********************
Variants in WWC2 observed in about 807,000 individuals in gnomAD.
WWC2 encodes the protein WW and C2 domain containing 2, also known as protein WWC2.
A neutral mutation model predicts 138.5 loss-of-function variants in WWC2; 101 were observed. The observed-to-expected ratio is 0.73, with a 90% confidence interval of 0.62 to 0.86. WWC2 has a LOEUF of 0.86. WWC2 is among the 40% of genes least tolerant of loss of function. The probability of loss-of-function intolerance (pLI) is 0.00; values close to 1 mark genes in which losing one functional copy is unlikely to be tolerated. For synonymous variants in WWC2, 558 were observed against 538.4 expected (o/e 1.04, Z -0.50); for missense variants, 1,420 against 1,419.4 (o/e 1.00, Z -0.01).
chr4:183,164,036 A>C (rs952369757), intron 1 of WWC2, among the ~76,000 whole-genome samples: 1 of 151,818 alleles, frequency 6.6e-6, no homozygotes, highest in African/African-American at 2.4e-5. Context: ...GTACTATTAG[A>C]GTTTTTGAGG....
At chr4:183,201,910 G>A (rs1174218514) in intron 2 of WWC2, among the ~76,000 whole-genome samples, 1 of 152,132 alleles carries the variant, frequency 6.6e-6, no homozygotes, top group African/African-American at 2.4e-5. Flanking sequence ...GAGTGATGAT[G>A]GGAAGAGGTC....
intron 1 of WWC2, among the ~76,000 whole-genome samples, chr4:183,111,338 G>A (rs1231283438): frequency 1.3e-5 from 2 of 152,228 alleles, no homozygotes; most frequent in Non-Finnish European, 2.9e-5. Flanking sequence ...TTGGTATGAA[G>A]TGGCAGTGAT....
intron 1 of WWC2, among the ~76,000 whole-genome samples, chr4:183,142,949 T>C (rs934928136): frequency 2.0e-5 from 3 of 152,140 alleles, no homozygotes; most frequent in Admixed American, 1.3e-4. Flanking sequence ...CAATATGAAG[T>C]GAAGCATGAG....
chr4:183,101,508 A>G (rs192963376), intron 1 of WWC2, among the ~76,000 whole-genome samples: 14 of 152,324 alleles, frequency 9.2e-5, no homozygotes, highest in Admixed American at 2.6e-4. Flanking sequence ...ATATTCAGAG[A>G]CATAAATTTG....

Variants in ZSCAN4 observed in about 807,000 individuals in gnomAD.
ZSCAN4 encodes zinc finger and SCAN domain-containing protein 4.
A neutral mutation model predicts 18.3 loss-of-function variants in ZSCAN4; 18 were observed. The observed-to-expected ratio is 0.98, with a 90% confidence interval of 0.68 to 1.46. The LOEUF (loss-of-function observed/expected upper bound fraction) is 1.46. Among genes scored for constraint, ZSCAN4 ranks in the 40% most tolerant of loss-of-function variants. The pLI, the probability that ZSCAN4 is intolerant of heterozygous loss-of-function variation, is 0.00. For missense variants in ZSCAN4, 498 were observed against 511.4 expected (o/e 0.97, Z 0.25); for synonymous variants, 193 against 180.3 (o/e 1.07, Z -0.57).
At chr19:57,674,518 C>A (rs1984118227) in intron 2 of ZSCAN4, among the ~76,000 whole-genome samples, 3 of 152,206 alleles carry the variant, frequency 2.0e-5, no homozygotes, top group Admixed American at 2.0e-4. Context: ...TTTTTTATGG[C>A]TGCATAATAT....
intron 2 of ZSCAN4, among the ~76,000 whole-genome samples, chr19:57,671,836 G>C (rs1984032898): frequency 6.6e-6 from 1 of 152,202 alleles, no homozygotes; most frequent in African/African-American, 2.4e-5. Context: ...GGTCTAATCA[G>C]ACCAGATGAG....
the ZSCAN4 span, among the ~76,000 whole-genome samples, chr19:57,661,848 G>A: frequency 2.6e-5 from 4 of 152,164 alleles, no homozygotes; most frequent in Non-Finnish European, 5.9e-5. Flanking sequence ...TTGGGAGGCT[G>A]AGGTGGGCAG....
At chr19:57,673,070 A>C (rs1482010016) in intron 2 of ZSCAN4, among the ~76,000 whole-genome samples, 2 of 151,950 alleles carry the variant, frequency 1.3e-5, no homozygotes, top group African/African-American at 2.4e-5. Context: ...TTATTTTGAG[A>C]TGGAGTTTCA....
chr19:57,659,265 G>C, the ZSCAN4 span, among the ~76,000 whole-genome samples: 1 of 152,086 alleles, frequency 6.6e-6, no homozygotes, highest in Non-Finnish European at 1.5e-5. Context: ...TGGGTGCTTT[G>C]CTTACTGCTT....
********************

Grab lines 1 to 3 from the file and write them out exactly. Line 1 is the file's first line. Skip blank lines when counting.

Variants in WWC2 observed in about 807,000 individuals in gnomAD.
WWC2 encodes the protein WW and C2 domain containing 2, also known as protein WWC2.
A neutral mutation model predicts 138.5 loss-of-function variants in WWC2; 101 were observed. The observed-to-expected ratio is 0.73, with a 90% confidence interval of 0.62 to 0.86. WWC2 has a LOEUF of 0.86. WWC2 is among the 40% of genes least tolerant of loss of function. The probability of loss-of-function intolerance (pLI) is 0.00; values close to 1 mark genes in which losing one functional copy is unlikely to be tolerated. For synonymous variants in WWC2, 558 were observed against 538.4 expected (o/e 1.04, Z -0.50); for missense variants, 1,420 against 1,419.4 (o/e 1.00, Z -0.01).